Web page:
As with any large-scale work of art, the viewer occasionally needs to step back to appreciate the complexity yet move in close to absorb the details the artist is expressing. This is true of Baker's work, as well, especially since the story requires another whole volume (Book Two Ishpiming) before it is concluded. If the reader is captivated by the storyline, the commitment to see it through will follow.
The setting for Akiiwan is a small island in the middle of a lake in northern Minnesota, considered to be sacred by the Native Americans of that area. The Ojibwe nation had called the region home for several centuries and was particularly protective of the island in the center of the lake. Baker populates this setting with an archeological team hired by a man posing as a real estate developer. The team's purpose is to explore, identify and set aside any historical artifacts found to clear the way for the developer to begin construction.
As with any good yarn, the conflict is set early: "However, there may be something significant in the island's central clearing. There's a cave and a large boulder there with what I'm told may be ancient petroglyphs. If so, I'd like to know what they mean."..."So would I...so would science," Sam said, her eyes narrowing with curiosity over both the Ojibwe site and the developer's motives."
The introduction of a security team to accompany the dig team clues the reader in to the real motive driving exploration of the unusual island and is one of several strong threads of mistrust woven throughout the tale. The science fiction element takes it place alongside the mystical ceremonies of the ancient shamans in the form of an anomaly that intrigues the secret government agencies who hope to learn more about it through the guise of the archeological dig.
Tension and interaction among the team members, led by Dr. Samantha Horner, is believable as is the communication and relationships with other characters who become involved in the dig and its revelations. Baker also brings to life a set of animal characters who serve a purpose in revealing conflict within the spirit world which brings yet another degree of intrigue and drama to the disharmony building throughout the novel. A ten-year-old child, Orenda, is the catalyst for making things happen between the past, present and future states of the island and its mysteries.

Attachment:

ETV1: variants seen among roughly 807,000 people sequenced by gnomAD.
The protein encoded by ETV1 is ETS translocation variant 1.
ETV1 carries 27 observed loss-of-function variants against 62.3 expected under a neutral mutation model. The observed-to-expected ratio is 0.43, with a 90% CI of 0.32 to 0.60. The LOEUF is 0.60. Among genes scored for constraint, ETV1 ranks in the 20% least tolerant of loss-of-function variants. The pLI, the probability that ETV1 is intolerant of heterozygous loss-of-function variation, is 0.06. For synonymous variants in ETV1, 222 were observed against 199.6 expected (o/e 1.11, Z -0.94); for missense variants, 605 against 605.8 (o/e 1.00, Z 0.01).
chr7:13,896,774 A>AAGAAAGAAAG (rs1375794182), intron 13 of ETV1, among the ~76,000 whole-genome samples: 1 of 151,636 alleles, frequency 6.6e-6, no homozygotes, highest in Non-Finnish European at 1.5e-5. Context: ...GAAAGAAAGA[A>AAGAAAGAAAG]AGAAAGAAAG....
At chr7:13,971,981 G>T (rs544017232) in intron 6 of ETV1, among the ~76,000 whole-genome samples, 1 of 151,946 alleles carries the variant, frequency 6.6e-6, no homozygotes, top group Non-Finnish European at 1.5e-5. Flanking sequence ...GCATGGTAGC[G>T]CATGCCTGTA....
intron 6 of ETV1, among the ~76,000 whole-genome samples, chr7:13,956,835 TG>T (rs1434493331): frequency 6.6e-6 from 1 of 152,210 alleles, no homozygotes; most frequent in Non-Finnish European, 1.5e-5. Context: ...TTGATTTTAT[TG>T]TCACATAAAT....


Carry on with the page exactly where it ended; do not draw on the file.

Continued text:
Well-done illustrations interspersed throughout the novel add clarity and a sense of realism to support the storyline.
While I enjoyed the story, I must say I was distracted by the lack of good editing and proofreading. It is rare for a book to be totally mistake-free but this one had more than I am used to seeing. Good editing would certainly have eliminated sentences such as "It was a dark and rainy night" and tightened up a few scenes that had perhaps too many details along with the occasional awkward passage. It is always difficult to know what to cut and what to keep when weaving a fanciful tale but I think it is particularly important when telling a tale with a long, complicated storyline.
Overall, NeitherWorld Book One Akiiwan is an engaging escape from the world, as we typically know it, and it will delight readers who enjoy the mixed genres represented in Baker's work. I look forward to reading Book Two Ishpiming.
Review by Paula Buermele, a reviewer for Bookpleasures and the author of the fictional novel, "The Dream Catcher Tour".
The intensity of the events makes the book captivating and enjoyable reading. I'm looking forward to reading the second book in the series during my April vacation.